Found May 01, 2012 on
Los Angeles Angels
Kansas City Royals
Toronto Blue Jays
San Diego Padres
St. Louis Cardinals
The baseball world is captivated by the simultaneous promotions of Bryce Harper and Mike Trout. The comparisons are inevitable, but Trout’s trial last season proves that most prospects fail in their first tryout. Trout came back late in 2011 and started to turn it on. It wouldn’t be surprising to see him continue to perform better than Harper in the short-term. Yet, to focus solely on Harper would be to ignore a whole list of qualified prospects.
Jacob Anderson– Toronto Blue Jays (A-)
Anderson performed well last season, so I am surprised to see them moving him along so slowly. He will play in short season A ball this season which means we won’t have anything substantive on him until June. At 19, he has plenty of time to develop, but you’d think they’d want him to get some at bats.
Oswaldo Arcia– Minnesota Twins (A+)
The numbers are virtually average. A .750 OPS from a corner outfielder is neither good nor bad. The three to one strikeout to walk ratio is not good. He is striking out in nearly one in three plate appearances. That cannot continue to happen if he wants to make it anywhere.
Robbie Grossman– Pittsburgh Pirates (AA)
If you recall, Grossman made the list on the strength of a 100+ walk campaign last season. He probably won’t draw more than 100 walks this year, but his patience is still keeping him afloat. His contact rate isn’t great, but it’s better than his average would indicate. I would expect him to be up to .250 or .260 by the next update.
Bryce Harper– Washington Nationals (AAA-ML)
It’s hard to see how these numbers warranted a promotion, but their center field situation is dire. At this point, it is impossible for him to live up to the hype. Like Mike Trout last season, he is likely to fall short in his first go around, but at 19 he has plenty of time. I’d imagine this current trial will end in him returning to AAA. He’ll come back and dominate soon enough.
Rhymer Liriano– San Diego Padres (A+)
It’s been a struggle all the way around for Padres prospects this season. It’s funny how things tend to happen that way. Liriano simply doesn’t have the plate discipline right now to make it very far. Of course, one month of action can amount to nothing more than a slump and hitters have a way of looking like they have no plate discipline in slumps.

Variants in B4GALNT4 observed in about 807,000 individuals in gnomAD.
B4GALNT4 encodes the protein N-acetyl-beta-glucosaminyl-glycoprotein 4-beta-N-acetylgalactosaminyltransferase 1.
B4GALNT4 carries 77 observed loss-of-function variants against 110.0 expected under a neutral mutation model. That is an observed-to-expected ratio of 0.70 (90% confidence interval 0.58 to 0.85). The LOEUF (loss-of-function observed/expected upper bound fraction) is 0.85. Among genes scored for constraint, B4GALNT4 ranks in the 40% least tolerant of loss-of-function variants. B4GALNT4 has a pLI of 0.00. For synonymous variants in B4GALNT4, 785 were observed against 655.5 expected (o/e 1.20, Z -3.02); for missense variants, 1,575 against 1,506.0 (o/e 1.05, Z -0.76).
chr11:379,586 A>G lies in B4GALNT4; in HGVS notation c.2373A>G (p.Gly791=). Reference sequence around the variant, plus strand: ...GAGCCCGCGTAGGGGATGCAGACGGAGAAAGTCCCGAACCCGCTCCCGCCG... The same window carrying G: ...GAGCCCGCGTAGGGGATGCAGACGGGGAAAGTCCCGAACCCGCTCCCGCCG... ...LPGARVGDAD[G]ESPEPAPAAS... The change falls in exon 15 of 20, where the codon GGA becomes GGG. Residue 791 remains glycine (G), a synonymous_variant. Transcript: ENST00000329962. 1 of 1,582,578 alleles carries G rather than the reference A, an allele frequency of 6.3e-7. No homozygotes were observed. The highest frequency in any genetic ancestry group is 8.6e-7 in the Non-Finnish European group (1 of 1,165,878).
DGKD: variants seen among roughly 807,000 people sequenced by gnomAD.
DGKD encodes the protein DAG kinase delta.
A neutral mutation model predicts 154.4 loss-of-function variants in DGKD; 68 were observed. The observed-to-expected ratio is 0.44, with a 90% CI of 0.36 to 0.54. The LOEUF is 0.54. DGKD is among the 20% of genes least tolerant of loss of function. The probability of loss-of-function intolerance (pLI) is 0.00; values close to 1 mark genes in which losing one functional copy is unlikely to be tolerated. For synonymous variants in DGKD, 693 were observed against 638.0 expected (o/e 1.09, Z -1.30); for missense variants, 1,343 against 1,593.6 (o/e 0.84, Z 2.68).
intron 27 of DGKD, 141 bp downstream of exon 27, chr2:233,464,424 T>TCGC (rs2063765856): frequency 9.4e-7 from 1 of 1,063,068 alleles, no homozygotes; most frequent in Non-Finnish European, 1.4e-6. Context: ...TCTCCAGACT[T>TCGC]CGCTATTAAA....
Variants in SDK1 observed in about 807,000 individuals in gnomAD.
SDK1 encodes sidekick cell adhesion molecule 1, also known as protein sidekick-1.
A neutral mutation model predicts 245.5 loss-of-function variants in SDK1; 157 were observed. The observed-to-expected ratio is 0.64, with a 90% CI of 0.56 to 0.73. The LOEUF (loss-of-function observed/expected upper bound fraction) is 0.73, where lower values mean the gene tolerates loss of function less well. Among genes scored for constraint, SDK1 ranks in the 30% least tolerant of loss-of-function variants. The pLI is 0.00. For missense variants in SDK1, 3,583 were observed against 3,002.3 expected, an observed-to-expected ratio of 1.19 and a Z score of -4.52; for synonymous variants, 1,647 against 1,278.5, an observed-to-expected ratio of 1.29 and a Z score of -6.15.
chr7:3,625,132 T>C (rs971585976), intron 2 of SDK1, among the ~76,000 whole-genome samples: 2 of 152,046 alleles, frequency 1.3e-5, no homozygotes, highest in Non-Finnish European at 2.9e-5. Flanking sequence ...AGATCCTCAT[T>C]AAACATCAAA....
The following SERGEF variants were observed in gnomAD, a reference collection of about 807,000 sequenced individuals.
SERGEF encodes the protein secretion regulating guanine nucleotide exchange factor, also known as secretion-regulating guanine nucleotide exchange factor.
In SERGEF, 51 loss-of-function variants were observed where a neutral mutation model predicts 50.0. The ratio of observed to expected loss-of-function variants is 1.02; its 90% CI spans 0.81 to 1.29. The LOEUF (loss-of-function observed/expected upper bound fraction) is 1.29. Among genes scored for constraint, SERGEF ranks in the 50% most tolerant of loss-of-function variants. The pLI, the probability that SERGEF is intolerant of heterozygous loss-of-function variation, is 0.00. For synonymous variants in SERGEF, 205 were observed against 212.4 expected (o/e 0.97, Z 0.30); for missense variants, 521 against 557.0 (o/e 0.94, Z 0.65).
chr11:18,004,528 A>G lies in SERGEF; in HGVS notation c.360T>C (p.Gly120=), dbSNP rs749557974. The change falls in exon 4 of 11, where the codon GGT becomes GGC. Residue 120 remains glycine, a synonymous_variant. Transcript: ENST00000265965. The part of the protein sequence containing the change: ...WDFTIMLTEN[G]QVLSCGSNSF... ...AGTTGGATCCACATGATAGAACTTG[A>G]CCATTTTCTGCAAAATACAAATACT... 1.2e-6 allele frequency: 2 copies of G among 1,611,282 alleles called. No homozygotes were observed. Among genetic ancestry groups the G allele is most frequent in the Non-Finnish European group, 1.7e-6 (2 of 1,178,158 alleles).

Wil Myers– Kansas City Royals (AA)
The strikeout to walk ratio is somewhat disconcerting, but this guy is mashing. He represents the last of this generation of hitting prospects for the Royals. Once he, Johnny Giavotella, and Lorenzo Cain finally establish themselves, the Royals will have the best young lineup in baseball. Look for him to being 2013 in right field.
Marcell Ozuna– Miami Marlins (A+)
The strikeout rate is actually not that bad, but it should be accompanied with more walks. Right now, Ozuna is not doing anything that would expect from a premier prospect. He either needs to get on base, hit for power, or show some superior base running. Right now he is not doing enough of any of those to be an elite prospect.
Domingo Santana– Houston Astros (A+)
His numbers look worse than they really are. He missed about a week and a half of action and that means a lot more when you are only a month in. His walk rate is actually pretty good, but he simply isn’t make enough contact. He has what they call light tower power when he makes contact, so hopefully his slump will end soon.
Oscar Tavares– St. Louis Cardinals (AA)
There is a lot to like here. For one, he has a ton of power and is making good use of it so far. Secondly, he has one of the better contact rates of any prospect we are looking at. However, his walk rate is the worst of any player we’ve looked at. This cannot continue if he wants to have a viable big league career.
Danry Vazquez– Detroit Tigers (A)
Let’s ignore the obvious and move onto some optimism. He is only 18 years old and this is his first taste of full season baseball. Secondly, his contact rate indicates he has suffered from some bad batted ball luck so far. I don’t think he will be pushing for all-star status at the second update, but he should be well above the Mendoza Line.
In addition to being the editor of hardballchat.com, Scott Barzilla is also the proud father of one and the author of four books. His books can be found at Amazon and Barnes and Noble. Barzilla's Hall of Fame Index was nominated for the Sporting News Award for statistical advancement.
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IMITATION SINCEREST FORM...